Islamic State (ISIS) recruiting is not just a problem of the West, revealed Chinese vice-minister of Public Safety Ministry Meng Hongwei, as he spoke with Malaysia's Minister of Home Affairs Ahmad Zahid Hamidi and revealed 300 Chinese have left to join the terrorist group.
Meng, whose ministry is tasked with managing the country's police force, told Hamidi that the jihadists traveled via Malaysia, and asked for cooperation from the Muslim-majority state in cutting down on the troubling phenomenon, reports the Chinese Communist party's Global Times on Friday, as cited by the Japanese-language NHK.
"Around 300 Chinese have joined the Islamic State active in Syria and Iraq using Malaysia as a stopover," Meng said, with the Chinese Uyghur Muslim minority a likely source of the jihadists.
In response, Hamidi promised cooperation and asked for information regarding Chinese suspected of contact with ISIS, so as to put together a list of suspects and stop their travel to the Middle East.
The Communist paper noted on the fears that the Chinese ISIS terrorists may return well-trained to conduct attacks in China, where the Sunni Muslim Uyghur minority in northeastern Xinjiang province has been a seat of unrest.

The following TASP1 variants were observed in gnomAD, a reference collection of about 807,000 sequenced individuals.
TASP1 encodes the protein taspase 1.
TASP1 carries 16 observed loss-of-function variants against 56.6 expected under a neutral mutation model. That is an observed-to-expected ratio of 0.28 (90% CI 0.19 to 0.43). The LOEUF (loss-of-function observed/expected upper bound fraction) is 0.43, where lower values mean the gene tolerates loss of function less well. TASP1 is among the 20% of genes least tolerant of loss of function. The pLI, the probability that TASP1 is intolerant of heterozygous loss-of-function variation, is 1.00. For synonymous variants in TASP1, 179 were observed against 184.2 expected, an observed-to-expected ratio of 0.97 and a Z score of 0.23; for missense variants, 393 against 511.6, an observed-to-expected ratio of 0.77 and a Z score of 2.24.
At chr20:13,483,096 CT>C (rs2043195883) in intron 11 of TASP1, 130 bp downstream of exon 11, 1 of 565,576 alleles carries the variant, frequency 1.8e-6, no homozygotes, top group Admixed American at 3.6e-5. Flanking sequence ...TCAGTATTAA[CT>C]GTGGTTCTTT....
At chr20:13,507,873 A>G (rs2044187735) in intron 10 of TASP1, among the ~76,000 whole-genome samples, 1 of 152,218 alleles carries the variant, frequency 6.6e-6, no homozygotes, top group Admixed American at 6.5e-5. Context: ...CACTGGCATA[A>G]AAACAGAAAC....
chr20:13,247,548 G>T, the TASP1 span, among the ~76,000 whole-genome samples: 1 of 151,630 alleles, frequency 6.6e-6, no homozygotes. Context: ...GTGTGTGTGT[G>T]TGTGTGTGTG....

In the Xinjiang Uyghur Autonomous Region, which borders Pakistan among other countries, separatist Uyghur factions have conducted numerous attacks with explosives and other means, with China cracking down in response and trying to have them blacklisted as a terrorist organization.
NHK pointed out that the request for Malaysian aid is likely meant to drum up international support for Chinese actions against the Uyghurs, which has often been met with condemnation.
The development comes the same Friday that an ISIS deadline to pay a ransom and free two captive Japanese nationals reached an end, with ISIS likely to follow through with its threat to behead the two. This marks the first time Asian captives have been threatened, or that ISIS demanded a ransom to free its hostages.